Nutrition and Cancer Research topics of Science Café
Nutritional cancer therapy alternatives and using diet to reduce cancer risk will be the topic of Stetson University’s Science Café, Thursday, March 10, 7 p.m., in the Gillespie Museum on Stetson’s DeLand campus. This event is free and open to the public, and offers cultural credit for Stetson undergraduates.
Roslyn Crowder, Ph.D., assistant professor of biology at Stetson, will discuss her research on these topics. Crowder is a molecular cell biologist with expertise in regulated cell death. She joined Stetson University’s faculty in 2013, after completing her postdoctoral research at Pennsylvania State’s Cancer Institute, where she examined mechanisms of resistance to TRAIL-induced apoptosis in human non-malignant cells. Crowder began her postdoctoral research at the University of Pennsylvania and moved with her research group to Penn State’s Cancer Institute in 2010. While at the University of Pennsylvania, she was selected as a PENN-PORT postdoctoral fellow, an NIH-funded Institutional Research and Academic Career Developmental Award providing unique postdoctoral training in both research and current methods in teaching.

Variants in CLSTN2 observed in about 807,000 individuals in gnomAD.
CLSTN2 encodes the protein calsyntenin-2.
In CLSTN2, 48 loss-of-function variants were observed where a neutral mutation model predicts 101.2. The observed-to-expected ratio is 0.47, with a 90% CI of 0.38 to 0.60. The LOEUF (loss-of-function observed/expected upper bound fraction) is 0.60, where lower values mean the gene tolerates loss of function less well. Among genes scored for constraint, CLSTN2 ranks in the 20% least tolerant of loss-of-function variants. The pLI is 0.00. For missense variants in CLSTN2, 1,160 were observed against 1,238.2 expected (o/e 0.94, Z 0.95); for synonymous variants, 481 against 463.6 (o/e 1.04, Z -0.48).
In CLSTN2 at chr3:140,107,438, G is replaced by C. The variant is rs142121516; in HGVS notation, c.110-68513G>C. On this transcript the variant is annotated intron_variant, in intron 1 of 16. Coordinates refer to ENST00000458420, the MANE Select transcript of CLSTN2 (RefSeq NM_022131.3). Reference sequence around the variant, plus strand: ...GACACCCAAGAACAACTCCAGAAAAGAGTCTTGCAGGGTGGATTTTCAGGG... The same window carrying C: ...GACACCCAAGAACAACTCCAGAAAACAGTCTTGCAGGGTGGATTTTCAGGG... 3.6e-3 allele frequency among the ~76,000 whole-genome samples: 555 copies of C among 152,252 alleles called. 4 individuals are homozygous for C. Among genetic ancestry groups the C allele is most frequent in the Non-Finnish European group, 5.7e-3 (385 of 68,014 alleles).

“I’m interested in potential natural cancer therapies that would get rid of only the hazardous cancer cells while leaving the normal ones alone,” said Crowder. Different cultures around the world have long used various foods, plants and their extracts to cure various diseases. Crowder and her research students aim to find supportive evidence that various plant-based compounds possess anti-cancer properties. Her research examines whether plant-based products can kill cancer cells naturally and selectively.
The Gillespie Museum’s monthly Science Café promotes scientific literacy by encouraging relaxed, open conversations among scientists and nonscientists of all ages. “During these evenings, we take full advantage of the warmth and charm of the Gillespie Museum, offering light refreshments, informal seating, and an evening of thoughtful conversation,” said Museum Director Karen Cole.
The Gillespie Museum is located at 234 E. Michigan Ave., DeLand. For more information about this and other science programming, visit the museum’s website (www.stetson.edu/other/gillespie) or call or e-mail (386.822.7330; firstname.lastname@example.org).